"She was a young mother but she wasn't phoning it in and she was very involved," Jackie Style author Pamela Keogh says of the former First Lady

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Jackie Kennedy was well known for being a groundbreaking style icon – but the former First Lady was also a pioneer when it came to parenting.

Jackie Style author Pamela Keogh describes Jackie as being an “extremely hands-on, very involved” mother. “Especially for that class, for that gang,” Keogh adds of the rest of the Kennedy clan.

As mom to Caroline and John Jr., “Jackie was – there,” Keogh tells PEOPLE. “She was there playing with them and reading to them and painting with them – all kinds of stuff. She was a young mother but she wasn’t phoning it in and she was very involved that’s why her two children were beautifully raised.”

While the Kennedys’ beloved family nanny Maud Shaw was always on hand to give the children baths and late-night bottle feedings, “Jackie oversaw absolutely everything,” Keogh explains.

And though the Kennedy kids had every luxury at their disposal while living at the White House, it was important to Jackie that they remained “modest, humble and down-to-earth,” Keogh says. “They had to pick up their own clothing. She made sure that the Secret Service agents were not maids. The Secret Service agents could not fetch the children anything.”

The First Lady and her husband, President John F. Kennedy, “insisted on their children being respectful, acknowledging people and having good manners,” recalls Clint Hill, Jackie’s former Secret Service agent and the author of Mrs. Kennedy and Me. “But at the same time they wanted them to have a lot of fun and be happy.”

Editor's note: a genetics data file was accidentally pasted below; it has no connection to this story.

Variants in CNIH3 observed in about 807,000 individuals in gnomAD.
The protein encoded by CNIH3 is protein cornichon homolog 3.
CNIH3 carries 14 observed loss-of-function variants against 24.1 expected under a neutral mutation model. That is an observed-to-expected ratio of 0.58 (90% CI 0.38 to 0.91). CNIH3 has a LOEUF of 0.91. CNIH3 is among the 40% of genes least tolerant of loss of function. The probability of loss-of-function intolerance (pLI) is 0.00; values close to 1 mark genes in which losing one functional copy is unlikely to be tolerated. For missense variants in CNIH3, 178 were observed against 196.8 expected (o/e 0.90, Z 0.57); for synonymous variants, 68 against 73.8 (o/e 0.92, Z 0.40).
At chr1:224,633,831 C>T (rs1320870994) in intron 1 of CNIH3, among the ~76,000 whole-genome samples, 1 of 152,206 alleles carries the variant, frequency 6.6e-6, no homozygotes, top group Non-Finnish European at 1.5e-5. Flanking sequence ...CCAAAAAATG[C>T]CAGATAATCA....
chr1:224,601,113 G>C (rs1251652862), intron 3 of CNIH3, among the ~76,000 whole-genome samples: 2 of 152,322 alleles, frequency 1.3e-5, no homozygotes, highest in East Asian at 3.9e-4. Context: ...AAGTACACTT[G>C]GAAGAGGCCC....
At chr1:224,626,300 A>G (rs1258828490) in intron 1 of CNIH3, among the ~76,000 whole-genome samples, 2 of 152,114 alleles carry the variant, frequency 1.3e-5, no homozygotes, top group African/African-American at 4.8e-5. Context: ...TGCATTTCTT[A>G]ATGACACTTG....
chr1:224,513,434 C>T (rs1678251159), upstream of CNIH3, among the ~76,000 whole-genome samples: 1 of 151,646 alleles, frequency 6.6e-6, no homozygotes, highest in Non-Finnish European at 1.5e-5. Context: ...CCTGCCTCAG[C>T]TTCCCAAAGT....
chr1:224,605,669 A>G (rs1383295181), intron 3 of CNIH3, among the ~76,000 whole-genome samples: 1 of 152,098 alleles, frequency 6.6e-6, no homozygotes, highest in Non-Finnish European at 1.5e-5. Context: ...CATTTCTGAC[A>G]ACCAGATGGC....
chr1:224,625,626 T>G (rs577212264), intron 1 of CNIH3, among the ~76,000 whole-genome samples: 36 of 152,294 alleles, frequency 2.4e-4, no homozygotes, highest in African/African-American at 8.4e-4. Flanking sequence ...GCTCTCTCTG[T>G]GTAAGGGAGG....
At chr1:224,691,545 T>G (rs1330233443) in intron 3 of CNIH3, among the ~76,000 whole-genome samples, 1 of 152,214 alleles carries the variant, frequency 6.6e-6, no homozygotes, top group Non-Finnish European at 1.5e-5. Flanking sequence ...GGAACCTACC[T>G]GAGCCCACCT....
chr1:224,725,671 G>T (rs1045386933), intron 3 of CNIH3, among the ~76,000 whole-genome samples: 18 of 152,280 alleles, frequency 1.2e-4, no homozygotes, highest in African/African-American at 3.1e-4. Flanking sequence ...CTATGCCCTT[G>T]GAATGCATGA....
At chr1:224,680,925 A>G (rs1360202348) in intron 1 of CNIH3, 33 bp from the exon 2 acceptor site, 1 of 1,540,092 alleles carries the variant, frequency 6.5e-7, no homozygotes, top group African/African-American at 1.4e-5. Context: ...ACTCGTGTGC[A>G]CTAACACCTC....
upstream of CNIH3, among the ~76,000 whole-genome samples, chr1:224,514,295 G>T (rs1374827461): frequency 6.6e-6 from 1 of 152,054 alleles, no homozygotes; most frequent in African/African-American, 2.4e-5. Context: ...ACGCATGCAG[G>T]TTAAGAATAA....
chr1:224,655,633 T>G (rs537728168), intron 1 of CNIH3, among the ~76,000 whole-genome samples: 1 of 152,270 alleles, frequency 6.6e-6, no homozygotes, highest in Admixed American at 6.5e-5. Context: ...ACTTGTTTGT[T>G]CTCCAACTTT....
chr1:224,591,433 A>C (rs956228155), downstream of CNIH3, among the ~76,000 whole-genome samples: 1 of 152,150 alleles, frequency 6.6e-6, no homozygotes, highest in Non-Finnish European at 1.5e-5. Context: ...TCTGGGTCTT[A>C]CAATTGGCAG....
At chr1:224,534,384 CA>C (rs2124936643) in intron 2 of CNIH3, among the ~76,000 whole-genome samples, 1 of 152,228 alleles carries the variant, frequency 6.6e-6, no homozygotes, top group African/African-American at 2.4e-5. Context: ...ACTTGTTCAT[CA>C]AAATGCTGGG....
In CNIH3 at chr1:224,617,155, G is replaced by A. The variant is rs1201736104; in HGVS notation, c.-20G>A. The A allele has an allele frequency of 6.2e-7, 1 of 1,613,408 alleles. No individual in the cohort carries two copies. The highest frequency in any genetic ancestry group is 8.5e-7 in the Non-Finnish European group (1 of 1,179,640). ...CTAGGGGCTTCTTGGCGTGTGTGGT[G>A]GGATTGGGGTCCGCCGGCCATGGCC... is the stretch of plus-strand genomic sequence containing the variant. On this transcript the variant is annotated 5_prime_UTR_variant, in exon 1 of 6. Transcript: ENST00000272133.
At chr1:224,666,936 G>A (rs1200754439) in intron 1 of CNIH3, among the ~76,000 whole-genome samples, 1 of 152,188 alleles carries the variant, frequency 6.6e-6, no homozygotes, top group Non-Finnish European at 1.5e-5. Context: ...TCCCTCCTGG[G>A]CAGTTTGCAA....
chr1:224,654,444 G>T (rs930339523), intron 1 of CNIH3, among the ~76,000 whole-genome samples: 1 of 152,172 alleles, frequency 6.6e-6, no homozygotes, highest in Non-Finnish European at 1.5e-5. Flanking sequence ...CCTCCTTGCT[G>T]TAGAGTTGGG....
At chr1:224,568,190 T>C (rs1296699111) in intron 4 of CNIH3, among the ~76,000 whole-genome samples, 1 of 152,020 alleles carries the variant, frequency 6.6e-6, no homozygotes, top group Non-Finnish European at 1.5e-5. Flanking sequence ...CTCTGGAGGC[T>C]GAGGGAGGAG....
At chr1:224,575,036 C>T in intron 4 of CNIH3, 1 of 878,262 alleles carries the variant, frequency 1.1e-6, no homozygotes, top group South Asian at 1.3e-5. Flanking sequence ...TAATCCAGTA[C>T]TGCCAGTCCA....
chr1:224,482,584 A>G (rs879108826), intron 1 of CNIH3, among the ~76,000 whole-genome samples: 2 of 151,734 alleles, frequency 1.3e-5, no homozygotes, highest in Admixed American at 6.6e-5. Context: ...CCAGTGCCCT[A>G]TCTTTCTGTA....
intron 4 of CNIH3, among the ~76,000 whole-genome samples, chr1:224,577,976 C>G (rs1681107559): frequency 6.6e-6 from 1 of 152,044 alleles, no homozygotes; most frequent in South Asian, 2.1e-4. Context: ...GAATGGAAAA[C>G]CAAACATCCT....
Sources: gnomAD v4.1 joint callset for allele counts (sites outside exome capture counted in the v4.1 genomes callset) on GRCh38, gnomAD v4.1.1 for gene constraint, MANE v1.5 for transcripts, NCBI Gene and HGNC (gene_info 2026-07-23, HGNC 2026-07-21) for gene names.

The First Lady did everything in her power to protect Caroline and John Jr. from the press, but she also made sure they engaged with the outside world and with other children, including but certainly not limited to their young Kennedy cousins.

“When they were at the White House there was a privilege involved there but still they weren’t isolated,” former Secret Service agent Tom Wells tells PEOPLE. “Ms. Shaw used to take them to the park to meet their friends. They went to other friends’ houses from time to time, and their friends would also come to the White House. They were engaged in a lot of activities.”

Jackie also wanted her children to be “independent,” says Keogh. “If they got themselves into a scrape they had to get themselves out of it.”

The president and the First Lady “never wanted us to pick the children up when they fell down or anything,” Hill recalls. “That was up to them to have to figure out how to get up.”

As the disciplinarian of the family, “Jackie ran a tight ship,” Keogh says. “She checked the homework and she made sure they were dressed properly. If John was acting up, she made him go stand in a corner. It wasn’t a tough house but there were expectations.”

But the First Lady was as playful as she was strict, and she loved to share her own passions with her children.

“She was fun. You can see the pictures,” Keogh adds. “She was running with the kids and playing with them.”

“She enjoyed things like trying to teach Caroline how to ride, things that she liked herself,” says Hill.

“Mrs. Kennedy taught Caroline how to water ski,” he adds. “She got in trouble because in 1962 in Italy she had Caroline on water skis with her, one pair of skis. Caroline was in front of her and there was no safety apparel at all.”

“Some of the British press were really up in arms. They said that she risked the safety of her daughter.”

But Jackie, ever-confident in her parenting skills, had the perfect response.

“I think she laughed.”